S3, New Flavonoid Compound That Promotes Myelin Growth To Help Treat Various Nervous System Disorders
Medical Scientists from Oregon Health and Science University (OHSU) have developed a compound that successfully promotes rebuilding of the protective sheath around nerve cells that is damaged in conditions such as multiple sclerosis. Trials in animal models has already been proven successful and the plans are underway to initiate human trials.
In the research study, the team from OHSU discovered that a molecule called hyaluronic acid, or HA, accumulates in the brains of patients with MS. Further, the researchers linked this accumulation of HA to the failure of cells called oligodendrocytes to mature. Oligodendrocytesare the cells that generate myelin.
Myelin, in turn, forms a protective sheath covering each nerve cell's axon:the threadlike portion of a cell that transmits electric signals between cells.
Damage to myelin and myelin no longer being produced is associated with MS, stroke, brain injuries, and certain forms of dementia such as Alzheimer's disease. In addition, delay in myelination can affect infants born prematurely, leading to brain damage or cerebral palsy.
The discovery culminates more than a decade of research following a 2005 breakthrough by the OHSU medical scientists team.
Senior author Professor Larry Sherman commented in a phone interview with Thailand Medial News "I think we'll know in about 10 months if this is the exact right drug to try in human clinical trials. If it's not, we know from the animal model studies that this approach can work. The question is, can this drug be adapted to bigger human brains?"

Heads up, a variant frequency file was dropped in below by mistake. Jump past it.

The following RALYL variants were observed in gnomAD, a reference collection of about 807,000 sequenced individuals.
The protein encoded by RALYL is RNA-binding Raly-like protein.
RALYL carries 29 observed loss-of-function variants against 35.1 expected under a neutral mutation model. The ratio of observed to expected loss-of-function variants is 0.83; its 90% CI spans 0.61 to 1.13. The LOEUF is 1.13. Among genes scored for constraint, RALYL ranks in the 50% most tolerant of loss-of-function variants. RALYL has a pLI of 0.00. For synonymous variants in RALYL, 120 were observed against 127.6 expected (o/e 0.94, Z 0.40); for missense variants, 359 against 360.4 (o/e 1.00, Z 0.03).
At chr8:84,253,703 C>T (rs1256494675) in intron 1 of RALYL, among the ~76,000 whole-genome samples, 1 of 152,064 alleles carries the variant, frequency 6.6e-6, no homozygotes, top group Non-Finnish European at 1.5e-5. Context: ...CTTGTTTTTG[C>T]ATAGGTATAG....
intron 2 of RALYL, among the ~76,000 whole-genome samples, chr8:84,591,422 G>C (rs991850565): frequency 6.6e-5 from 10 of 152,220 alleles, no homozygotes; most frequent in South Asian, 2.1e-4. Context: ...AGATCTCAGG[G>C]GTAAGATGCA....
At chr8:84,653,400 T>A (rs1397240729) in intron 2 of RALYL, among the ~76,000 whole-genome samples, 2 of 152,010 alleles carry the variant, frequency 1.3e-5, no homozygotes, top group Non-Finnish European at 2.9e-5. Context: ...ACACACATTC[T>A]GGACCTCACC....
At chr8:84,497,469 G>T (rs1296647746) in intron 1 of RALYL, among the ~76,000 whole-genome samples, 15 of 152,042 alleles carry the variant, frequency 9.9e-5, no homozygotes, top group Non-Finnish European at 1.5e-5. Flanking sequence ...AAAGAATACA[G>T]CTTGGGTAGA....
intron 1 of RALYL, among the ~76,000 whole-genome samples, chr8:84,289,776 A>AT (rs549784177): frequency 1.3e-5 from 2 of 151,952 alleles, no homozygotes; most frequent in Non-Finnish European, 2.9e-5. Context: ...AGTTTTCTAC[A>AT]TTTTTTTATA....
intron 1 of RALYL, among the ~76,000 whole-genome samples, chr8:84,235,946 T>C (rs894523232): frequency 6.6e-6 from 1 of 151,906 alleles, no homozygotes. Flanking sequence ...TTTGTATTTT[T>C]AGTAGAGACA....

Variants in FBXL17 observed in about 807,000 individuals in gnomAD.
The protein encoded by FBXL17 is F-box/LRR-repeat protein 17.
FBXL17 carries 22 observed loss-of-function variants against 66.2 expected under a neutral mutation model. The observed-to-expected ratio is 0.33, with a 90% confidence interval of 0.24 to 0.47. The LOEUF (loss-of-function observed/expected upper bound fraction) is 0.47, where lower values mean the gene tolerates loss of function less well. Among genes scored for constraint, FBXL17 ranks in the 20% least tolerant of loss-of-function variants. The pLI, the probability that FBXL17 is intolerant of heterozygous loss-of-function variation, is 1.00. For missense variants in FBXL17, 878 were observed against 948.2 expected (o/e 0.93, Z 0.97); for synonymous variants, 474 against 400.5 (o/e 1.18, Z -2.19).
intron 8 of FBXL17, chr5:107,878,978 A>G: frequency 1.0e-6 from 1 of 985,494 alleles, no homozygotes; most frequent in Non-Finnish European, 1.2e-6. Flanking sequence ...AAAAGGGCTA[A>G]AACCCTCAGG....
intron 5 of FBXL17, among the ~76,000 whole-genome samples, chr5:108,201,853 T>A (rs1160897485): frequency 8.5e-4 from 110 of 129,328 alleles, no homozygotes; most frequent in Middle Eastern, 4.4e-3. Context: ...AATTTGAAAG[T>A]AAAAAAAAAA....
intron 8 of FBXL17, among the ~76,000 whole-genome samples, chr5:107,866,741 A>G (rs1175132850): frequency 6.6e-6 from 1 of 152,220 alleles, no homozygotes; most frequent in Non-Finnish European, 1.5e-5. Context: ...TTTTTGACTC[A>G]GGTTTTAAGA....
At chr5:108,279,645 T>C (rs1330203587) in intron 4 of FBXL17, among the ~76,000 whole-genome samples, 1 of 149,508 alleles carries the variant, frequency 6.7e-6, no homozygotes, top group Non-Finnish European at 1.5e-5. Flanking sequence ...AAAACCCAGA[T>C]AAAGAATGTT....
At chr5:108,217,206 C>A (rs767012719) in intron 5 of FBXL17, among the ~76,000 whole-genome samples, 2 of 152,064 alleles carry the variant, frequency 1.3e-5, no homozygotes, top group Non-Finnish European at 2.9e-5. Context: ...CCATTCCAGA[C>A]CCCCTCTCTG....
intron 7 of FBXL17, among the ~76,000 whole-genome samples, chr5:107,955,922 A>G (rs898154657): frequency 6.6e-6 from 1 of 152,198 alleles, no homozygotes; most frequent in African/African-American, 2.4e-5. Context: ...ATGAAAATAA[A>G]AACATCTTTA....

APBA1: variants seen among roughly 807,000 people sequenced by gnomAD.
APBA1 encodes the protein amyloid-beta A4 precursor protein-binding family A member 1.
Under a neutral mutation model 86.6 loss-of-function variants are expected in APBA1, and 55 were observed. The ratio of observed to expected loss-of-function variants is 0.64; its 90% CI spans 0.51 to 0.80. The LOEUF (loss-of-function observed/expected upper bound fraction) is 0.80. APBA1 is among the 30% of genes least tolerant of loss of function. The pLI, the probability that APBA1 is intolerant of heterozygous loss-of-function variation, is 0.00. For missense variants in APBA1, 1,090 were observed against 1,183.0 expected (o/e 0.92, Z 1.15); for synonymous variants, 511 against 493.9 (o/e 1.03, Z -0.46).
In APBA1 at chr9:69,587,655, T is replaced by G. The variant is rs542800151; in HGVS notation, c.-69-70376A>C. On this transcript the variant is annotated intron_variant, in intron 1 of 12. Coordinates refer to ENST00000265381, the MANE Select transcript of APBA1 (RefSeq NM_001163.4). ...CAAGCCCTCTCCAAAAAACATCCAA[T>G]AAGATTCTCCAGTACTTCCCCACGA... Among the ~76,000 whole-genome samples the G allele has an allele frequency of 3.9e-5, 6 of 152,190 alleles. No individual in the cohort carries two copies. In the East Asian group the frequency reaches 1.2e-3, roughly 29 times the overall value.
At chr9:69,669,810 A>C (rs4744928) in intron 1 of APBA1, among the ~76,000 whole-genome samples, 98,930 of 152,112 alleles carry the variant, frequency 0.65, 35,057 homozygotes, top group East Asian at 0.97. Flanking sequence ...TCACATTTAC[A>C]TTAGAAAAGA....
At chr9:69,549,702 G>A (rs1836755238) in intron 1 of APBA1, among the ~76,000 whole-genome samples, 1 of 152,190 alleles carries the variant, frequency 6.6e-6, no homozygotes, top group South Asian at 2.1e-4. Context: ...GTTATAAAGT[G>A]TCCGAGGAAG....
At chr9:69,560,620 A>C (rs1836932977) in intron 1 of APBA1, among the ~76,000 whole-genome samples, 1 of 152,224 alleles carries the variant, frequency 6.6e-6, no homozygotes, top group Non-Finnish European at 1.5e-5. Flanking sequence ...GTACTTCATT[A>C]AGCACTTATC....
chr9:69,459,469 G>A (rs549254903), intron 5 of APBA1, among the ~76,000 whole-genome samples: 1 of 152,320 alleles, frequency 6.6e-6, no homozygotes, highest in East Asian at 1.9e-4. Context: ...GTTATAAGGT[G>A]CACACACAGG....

Further studies led by the Sherman lab showed that HA is broken down into small fragments in multiple sclerosis lesions by enzymes called hyaluronidases. In collaboration with Stephen Back, M.D., Ph.D., a professor of pediatrics in the OHSU School of Medicine, Sherman discovered that the fragments of HA generated by hyaluronidases send a signal to immature oligodendrocytes not to turn on their myelin genes. That led researchers to explore how they might block hyaluronidase activity and promote remyelination.
For the past 12 years, an international team of researchers led by OHSU has been working to develop a compound that neutralizes the hyaluronidase in the brains of individuals with MS and other neurodegenerative diseases, thereby reviving the ability of progenitor cells to mature into myelin-producing oligodendrocytes.
S3, a modified flavonoid,a class of chemicals found in fruits and vegetables reverses the effect of HA in constraining the growth of oligodendrocytes and promotes functional remyelination in animal models.
Professor Sherman further commented "It's not only showing that the myelin is coming back, but it's causing the axons to fire at a much higher speed. That's exactly what you want functionally."
The next phase of research involves testing, and potentially refining, the compound in macaque monkeys who carry a naturally occurring version of MS called Japanese macaque encephalomyelitis. The condition, which causes clinical symptoms similar to multiple sclerosis in people, is the only spontaneously occurring MS-like disease in nonhuman primates in the world.
Once the results from that study is conclusive in a few months time, the team is planning next stages of regulatory approvals for human trial studies. As the product is derived from flavonoids
found in fruits and vegetables, there are is no toxic or reported adverse effects to date in animal models and neither is it expected to be an issue in humans.
Reference: A modified flavonoid accelerates oligodendrocyte maturation and functional remyelination , Weiping Su, Steven Matsumoto, Fatima Banine, Taasin Srivastava, Justin Dean, Scott Foster, Peter Pham, Kesturu S Girish , 06 September 2019 https://doi.org/10.1002/glia.23715